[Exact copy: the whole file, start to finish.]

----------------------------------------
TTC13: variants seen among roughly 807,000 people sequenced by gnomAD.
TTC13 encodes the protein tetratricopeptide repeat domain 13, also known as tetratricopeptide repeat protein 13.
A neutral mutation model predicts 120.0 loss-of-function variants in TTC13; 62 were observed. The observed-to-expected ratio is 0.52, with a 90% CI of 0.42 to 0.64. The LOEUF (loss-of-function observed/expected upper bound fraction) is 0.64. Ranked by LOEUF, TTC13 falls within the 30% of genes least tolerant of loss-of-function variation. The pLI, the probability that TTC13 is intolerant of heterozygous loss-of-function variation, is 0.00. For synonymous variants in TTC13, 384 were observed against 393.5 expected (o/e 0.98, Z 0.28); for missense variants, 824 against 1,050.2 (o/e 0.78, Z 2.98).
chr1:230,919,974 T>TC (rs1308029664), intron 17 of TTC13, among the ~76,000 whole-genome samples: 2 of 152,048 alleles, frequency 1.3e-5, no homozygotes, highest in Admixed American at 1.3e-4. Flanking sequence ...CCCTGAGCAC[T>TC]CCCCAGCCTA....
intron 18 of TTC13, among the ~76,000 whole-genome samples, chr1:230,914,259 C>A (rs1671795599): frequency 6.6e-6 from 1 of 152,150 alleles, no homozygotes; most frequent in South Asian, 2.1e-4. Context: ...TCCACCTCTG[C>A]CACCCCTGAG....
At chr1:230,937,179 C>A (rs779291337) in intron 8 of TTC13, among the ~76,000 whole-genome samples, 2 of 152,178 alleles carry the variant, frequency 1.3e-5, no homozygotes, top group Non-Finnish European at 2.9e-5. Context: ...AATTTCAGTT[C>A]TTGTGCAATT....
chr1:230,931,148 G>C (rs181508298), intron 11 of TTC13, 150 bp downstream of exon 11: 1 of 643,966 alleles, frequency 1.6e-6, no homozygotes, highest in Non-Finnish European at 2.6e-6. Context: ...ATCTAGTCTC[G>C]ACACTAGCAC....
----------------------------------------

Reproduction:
TTC13: variants seen among roughly 807,000 people sequenced by gnomAD.
TTC13 encodes the protein tetratricopeptide repeat domain 13, also known as tetratricopeptide repeat protein 13.
A neutral mutation model predicts 120.0 loss-of-function variants in TTC13; 62 were observed. The observed-to-expected ratio is 0.52, with a 90% CI of 0.42 to 0.64. The LOEUF (loss-of-function observed/expected upper bound fraction) is 0.64. Ranked by LOEUF, TTC13 falls within the 30% of genes least tolerant of loss-of-function variation. The pLI, the probability that TTC13 is intolerant of heterozygous loss-of-function variation, is 0.00. For synonymous variants in TTC13, 384 were observed against 393.5 expected (o/e 0.98, Z 0.28); for missense variants, 824 against 1,050.2 (o/e 0.78, Z 2.98).
chr1:230,919,974 T>TC (rs1308029664), intron 17 of TTC13, among the ~76,000 whole-genome samples: 2 of 152,048 alleles, frequency 1.3e-5, no homozygotes, highest in Admixed American at 1.3e-4. Flanking sequence ...CCCTGAGCAC[T>TC]CCCCAGCCTA....
intron 18 of TTC13, among the ~76,000 whole-genome samples, chr1:230,914,259 C>A (rs1671795599): frequency 6.6e-6 from 1 of 152,150 alleles, no homozygotes; most frequent in South Asian, 2.1e-4. Context: ...TCCACCTCTG[C>A]CACCCCTGAG....
At chr1:230,937,179 C>A (rs779291337) in intron 8 of TTC13, among the ~76,000 whole-genome samples, 2 of 152,178 alleles carry the variant, frequency 1.3e-5, no homozygotes, top group Non-Finnish European at 2.9e-5. Context: ...AATTTCAGTT[C>A]TTGTGCAATT....
chr1:230,931,148 G>C (rs181508298), intron 11 of TTC13, 150 bp downstream of exon 11: 1 of 643,966 alleles, frequency 1.6e-6, no homozygotes, highest in Non-Finnish European at 2.6e-6. Context: ...ATCTAGTCTC[G>C]ACACTAGCAC....